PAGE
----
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Power of Jointness Among Lessons Learned in Operation Iraqi Freedom

By K.L. Vantran
American Forces Press Service

WASHINGTON, Oct. 3, 2003 -- One of the lessons learned from Operation Iraqi Freedom is the "power of jointness" Army Brig. Gen. Robert W. Cone, director of the Joint Center for Lessons Learned, U.S. Joint Forces Command, told reporters assembled at the Pentagon here Oct. 2.

The general and a team of JFCOM officers were embedded across the theater and observed the war as it happened. They collected information and provided feedback to the commander of U.S. Central Command.

"Too often (we) wait until the war's over and collect information, and what you miss is important to the warfighters, he said. "This gave us the opportunity to focus on what the view of the war was from Gen. (Tommy) Franks', Gen. (John) Abizaid's and the functional component command's perspective." Franks commanded CENTCOM until July 7, when Abizaid took the reins.

To do this kind of work, the general said, it's important to have unlimited access. "You have to be able to go to any meeting you want to go to," he said.

The process, he continued, took thousands of hours of observation. The team conducted almost 600 interviews with key leaders throughout the conflict.

"We were able to ask people what their problems were one day, and then go back and find out how it turned out," said Cone. "That's critical in the lessons learned business. Too often in the military, (we) solve a problem and don't tell anyone about it, and the guy who needs to know about it is probably some other combatant commander."

The general said the "big three" in lessons learned are joint integration and adaptive planning, joint force synergy, and integration of special operations on the battlefield.

Cone said the success of joint integration and adaptive planning was a due in large part to the commanders. The initiative they showed was "remarkable," he added.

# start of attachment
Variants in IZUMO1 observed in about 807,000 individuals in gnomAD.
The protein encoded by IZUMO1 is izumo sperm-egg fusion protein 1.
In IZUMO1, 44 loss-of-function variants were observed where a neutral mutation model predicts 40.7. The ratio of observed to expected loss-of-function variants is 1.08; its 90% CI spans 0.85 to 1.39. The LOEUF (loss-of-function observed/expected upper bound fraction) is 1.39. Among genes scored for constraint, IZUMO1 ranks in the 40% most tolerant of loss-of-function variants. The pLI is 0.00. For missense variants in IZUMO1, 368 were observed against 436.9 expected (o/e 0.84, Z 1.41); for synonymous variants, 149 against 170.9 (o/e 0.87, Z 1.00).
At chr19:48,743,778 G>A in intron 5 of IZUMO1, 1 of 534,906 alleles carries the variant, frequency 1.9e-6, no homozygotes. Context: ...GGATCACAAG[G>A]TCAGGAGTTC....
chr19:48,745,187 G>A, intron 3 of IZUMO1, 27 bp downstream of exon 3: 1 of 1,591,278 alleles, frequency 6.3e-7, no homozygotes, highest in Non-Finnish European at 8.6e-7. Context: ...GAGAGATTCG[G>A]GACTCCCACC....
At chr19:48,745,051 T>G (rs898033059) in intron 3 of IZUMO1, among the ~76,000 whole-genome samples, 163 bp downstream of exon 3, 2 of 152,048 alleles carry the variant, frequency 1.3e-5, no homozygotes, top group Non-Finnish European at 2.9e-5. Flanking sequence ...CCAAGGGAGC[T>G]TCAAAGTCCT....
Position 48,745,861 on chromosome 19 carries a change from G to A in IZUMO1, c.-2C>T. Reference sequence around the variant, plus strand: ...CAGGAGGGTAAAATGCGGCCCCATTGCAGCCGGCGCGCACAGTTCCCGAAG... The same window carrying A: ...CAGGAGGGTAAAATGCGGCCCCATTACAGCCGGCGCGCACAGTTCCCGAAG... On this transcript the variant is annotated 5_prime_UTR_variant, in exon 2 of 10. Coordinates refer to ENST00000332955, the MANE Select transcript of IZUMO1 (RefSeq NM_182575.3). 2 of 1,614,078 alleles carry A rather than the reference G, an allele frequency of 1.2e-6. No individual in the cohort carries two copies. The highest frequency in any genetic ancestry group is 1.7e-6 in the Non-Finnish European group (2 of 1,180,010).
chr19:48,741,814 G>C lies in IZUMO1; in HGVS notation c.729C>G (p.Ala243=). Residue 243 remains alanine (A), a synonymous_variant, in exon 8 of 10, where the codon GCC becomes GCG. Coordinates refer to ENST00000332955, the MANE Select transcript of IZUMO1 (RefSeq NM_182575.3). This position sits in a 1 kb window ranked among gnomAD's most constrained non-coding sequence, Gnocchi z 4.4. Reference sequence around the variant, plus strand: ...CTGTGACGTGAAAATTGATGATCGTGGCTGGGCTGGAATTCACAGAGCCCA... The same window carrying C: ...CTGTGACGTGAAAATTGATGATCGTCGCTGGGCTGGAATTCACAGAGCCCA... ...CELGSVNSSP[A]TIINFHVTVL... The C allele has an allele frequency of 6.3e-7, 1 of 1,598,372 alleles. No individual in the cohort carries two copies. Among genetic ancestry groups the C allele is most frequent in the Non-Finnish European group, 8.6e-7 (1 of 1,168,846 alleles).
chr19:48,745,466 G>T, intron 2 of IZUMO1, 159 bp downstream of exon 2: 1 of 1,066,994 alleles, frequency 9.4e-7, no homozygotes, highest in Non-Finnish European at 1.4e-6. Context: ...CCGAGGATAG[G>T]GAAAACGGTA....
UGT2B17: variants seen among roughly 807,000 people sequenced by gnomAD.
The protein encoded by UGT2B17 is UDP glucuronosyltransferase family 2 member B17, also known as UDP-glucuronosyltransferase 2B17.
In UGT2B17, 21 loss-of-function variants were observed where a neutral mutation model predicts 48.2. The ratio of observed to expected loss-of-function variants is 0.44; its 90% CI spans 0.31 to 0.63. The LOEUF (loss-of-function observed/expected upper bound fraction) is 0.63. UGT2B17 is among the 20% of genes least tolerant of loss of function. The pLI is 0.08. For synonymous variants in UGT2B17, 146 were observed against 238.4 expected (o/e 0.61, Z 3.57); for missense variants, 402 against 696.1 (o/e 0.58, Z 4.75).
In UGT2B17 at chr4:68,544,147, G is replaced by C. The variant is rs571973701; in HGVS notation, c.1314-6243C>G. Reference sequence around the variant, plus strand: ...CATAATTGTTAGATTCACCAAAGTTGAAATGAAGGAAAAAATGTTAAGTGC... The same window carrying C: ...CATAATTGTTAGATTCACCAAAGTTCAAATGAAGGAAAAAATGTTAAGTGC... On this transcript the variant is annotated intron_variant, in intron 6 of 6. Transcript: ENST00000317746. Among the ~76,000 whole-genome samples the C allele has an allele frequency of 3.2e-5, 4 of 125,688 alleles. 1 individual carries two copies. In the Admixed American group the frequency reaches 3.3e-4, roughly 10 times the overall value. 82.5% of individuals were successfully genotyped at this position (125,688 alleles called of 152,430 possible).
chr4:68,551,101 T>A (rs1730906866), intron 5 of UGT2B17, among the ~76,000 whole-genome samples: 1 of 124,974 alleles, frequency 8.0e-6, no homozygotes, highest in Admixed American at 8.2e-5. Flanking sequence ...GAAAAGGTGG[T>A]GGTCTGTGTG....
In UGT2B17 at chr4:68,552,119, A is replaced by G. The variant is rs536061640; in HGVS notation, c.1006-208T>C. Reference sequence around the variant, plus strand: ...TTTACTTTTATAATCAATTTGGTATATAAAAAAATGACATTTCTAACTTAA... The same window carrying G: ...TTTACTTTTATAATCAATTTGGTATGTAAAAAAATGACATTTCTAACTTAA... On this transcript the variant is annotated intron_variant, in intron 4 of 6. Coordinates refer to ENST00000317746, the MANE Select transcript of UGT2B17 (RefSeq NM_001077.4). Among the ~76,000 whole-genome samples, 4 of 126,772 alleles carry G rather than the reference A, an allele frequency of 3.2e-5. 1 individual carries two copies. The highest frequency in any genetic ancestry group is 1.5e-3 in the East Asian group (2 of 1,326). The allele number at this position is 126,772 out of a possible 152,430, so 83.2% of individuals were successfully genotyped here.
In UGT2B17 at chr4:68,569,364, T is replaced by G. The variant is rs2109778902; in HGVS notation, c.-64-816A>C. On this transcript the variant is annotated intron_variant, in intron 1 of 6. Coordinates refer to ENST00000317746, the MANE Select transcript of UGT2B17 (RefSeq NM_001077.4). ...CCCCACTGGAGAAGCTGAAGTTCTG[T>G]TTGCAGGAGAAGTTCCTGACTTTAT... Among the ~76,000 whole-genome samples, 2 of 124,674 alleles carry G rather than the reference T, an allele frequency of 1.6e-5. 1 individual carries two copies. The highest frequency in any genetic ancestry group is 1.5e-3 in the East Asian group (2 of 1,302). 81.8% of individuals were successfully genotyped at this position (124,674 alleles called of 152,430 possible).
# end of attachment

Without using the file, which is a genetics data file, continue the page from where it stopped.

It's the planning process and not so much the plan that's important, noted the director. As conditions and circumstances changed, the staff was "virtually unflappable," he said.

Special operations forces had "critical and important" responsibilities, said Cone. The good-news story, he added, is that SOF units and conventional forces worked together, and "this is the way to move ahead."

Urban operations, psychological operations and intelligence, surveillance and reconnaissance were among the capabilities rated a "60-40" good-bad ratio on areas that could be improved, noted the general.

Psychological operations -- understanding the impact of leaflets, communications and the ability to try to influence the Iraqis before the conflict -- became a reality in this war, he added.

Intelligence, surveillance and reconnaissance did a lot of good things, but in some ways didn't meet expectations, said Cone. Still, he added, "the guy on the ground in this war knew a lot more than (the soldier on the ground) in 1991."

The demand for those capabilities was far greater in this war, he said. "It has tremendous potential, but there's a long way to go to tie networks together and get the right info to the right guy at the right time," he added.

Fratricide prevention, deployment planning and execution, and reserve mobilization and deployment are among the areas that fell short, he said.